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Hydrogen sulfide

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Hydrogen sulfide
Systematic name Hydrogen sulfide
Other names Dihydrogen monosulfide

Dihydrogen sulfide
Sewer gas
Sulfurated hydrogen
Sulfureted hydrogen
Sulfuretted hydrogen
Sulfur hydride
Hydrosulfuric acid
Hydrothionic acid

Molecular formula H2S
Molar mass 34.08g/mol
Appearance Colorless gas
CAS number 7783-06-4
Density and phase 1.363 g dm−3
Solubility in water 4 g dm−3(20°C)
Melting point 82°C
Boiling point -60°C
Acidity (pKa) 7.0
Basicity (pKb) 6.95
Molecular shape Bent
Dipole moment 0.97D
Main hazards Very Toxic
Extremely flammable
NFPA 704

NFPA 704 svg.png

Flash point −82.4°C
R/S statement R: R12, R26, R50
S: (S1/2), S9, S16, S36,
S38, S45, S61
RTECS number MX1225000
Related compounds
Related hydrogen
Hydrogen selenide
Hydrogen telluride
Hydrogen polonide
Hydrogen disulfide
Related compounds Phosphine [1]
Except where noted otherwise, datas are given for
materials in their standard state (at 25 °C, 100 kPa)
Disclaimer and references

Hydrogen sulfide is a chemical compound known as H2S. It is extremely flammable, toxic, and dangerous to both living organisms and nature. It is a colorless gas that carries the unpleasant odor of rotten eggs. Hydrogen sulfide can occur both in nature and by human activities. The natural production of hydrogen sulfide occurs in volcanic gases by the bacterial action during the decay of plant and animal protein. It can be occur during extracting and drilling natural gas or crude oil. [2] Hydrogen sulfide is used in industry, such as producing elemental sulfur, and sulfuric acid. It is also used for preparing inorganic sulfides like sodium sulfide and sodium hydrosulfide.[3] Because of the high toxicity of hydrogen sulfide, there are some hazardous health effects on exposure. From the low concentration to high concentration, it can cause headaches, paralysis and even death.[4]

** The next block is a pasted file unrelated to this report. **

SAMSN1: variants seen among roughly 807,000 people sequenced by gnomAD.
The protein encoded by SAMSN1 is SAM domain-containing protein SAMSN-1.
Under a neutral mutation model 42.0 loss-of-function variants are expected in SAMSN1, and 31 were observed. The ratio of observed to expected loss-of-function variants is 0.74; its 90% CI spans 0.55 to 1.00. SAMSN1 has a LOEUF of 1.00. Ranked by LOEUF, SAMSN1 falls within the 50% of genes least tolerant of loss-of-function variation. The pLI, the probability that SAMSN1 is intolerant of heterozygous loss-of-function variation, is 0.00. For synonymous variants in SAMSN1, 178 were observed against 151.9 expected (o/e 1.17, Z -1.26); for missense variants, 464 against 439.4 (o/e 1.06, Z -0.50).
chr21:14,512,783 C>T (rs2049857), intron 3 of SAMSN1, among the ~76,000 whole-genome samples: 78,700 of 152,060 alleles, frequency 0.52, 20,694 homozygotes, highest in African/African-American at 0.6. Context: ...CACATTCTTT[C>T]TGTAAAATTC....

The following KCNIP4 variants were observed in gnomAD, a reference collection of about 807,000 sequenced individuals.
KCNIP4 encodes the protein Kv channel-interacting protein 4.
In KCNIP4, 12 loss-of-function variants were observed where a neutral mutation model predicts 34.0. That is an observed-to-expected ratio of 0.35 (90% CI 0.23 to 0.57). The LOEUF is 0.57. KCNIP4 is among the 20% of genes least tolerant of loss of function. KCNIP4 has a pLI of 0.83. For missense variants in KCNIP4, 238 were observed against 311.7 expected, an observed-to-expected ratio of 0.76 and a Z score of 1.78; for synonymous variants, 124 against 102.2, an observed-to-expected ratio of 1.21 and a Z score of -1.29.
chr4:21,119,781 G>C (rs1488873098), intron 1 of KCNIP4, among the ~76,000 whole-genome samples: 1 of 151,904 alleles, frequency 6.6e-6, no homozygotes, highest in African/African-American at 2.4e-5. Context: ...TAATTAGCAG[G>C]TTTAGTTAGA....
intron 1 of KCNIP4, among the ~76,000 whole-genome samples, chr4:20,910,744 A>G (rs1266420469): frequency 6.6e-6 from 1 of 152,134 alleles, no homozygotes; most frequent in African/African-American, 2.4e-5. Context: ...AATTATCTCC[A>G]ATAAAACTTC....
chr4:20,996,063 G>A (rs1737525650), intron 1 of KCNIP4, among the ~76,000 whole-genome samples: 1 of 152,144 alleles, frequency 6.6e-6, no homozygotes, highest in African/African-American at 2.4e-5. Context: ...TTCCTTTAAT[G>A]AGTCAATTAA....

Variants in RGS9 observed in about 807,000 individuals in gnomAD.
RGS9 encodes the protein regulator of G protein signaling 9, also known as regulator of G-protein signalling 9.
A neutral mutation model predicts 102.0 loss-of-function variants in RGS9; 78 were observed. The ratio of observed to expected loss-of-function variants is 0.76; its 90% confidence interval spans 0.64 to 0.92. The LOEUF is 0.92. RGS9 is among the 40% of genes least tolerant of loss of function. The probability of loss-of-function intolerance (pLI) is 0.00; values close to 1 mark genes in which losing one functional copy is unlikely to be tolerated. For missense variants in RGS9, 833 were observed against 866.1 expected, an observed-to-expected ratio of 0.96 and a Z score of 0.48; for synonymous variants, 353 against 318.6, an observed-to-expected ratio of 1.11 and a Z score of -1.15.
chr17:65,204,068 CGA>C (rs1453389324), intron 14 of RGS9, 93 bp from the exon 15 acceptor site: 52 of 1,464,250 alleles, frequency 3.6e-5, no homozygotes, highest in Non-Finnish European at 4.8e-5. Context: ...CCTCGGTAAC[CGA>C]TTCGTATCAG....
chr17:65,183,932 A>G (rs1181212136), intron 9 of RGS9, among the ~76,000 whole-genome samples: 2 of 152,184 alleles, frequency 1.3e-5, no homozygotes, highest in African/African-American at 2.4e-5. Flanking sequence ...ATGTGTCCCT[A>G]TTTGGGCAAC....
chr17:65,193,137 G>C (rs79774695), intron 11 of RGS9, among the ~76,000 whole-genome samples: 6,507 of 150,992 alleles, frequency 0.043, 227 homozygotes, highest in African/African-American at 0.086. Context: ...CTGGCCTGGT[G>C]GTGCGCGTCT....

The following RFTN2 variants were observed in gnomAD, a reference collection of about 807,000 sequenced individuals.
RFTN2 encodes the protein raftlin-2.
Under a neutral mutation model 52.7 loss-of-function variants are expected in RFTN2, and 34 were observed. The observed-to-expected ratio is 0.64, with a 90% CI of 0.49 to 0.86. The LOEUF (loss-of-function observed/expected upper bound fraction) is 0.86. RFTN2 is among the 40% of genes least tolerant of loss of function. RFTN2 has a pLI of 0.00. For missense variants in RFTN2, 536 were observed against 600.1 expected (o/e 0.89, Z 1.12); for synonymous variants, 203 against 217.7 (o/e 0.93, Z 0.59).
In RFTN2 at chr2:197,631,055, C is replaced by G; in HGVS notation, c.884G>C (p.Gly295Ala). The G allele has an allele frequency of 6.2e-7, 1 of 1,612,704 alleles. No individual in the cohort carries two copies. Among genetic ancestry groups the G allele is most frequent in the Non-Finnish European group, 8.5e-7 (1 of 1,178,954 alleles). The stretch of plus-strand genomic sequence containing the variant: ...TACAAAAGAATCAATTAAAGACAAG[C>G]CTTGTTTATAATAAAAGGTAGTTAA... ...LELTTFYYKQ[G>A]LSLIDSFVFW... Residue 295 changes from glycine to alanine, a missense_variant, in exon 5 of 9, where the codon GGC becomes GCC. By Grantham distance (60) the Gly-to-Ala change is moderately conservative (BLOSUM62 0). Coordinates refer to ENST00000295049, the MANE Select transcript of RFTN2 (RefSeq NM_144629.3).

Hydrogen sulfide has the smell of rotten eggs. It is a colorless gas which is highly flammable. When it burns with air, a pale blue flame appears. When it is mixed with air, its limits of explosion are 4.3% to 46% by volume. Also the temperature of its autoignition is 260°C. The density ratio between hydrogen sulfide and air is 1.19:1, which means hydrogen sulfide is heavier than air. At water temperature 10°C, 20°C, 30°C and 40°C, one gram of hydrogen sulfide dissolves in 187ml, 242ml, 314ml and 405ml. Hydrogen sulfide can also be dissolved in alcohol, ether, glycerol, and in solutions of amines, alkali carbonates, bicarbonates and hydrosulfides.

Hydrogen sulfide can go through oxidation reactions many times. Sulfur dioxide, sulfuric acid, or elemental sulfur are the product of the reactions. The reaction between hydrogen sulfide and aqueous solutions of chlorine, bromine, and iodine will form the elemental sulfur. The reaction between nitrogen with oxides and hydrogen sulfide will form sulfur dioxide or sulfuric acid in the gas phase, and form elemental sulfur in liquid phase.[2]

Natural Occurrences

Natural Hydrogen Sulfide coming out from the inside of the earth

The production of hydrogen sulfide occurs in volcanic gases. The decay of plant and animal protein brings the bacterial action, which produces hydrogen sulfide. When compounds that contains sulfur-bearing amino acids decay, bacteria, fungi, and actinomycetes bring out hydrogen sulfide to the environment. Hydrogen sulfide exists around sulfur springs and lakes. It also exists as an air contaminant in areas that are geothermal active.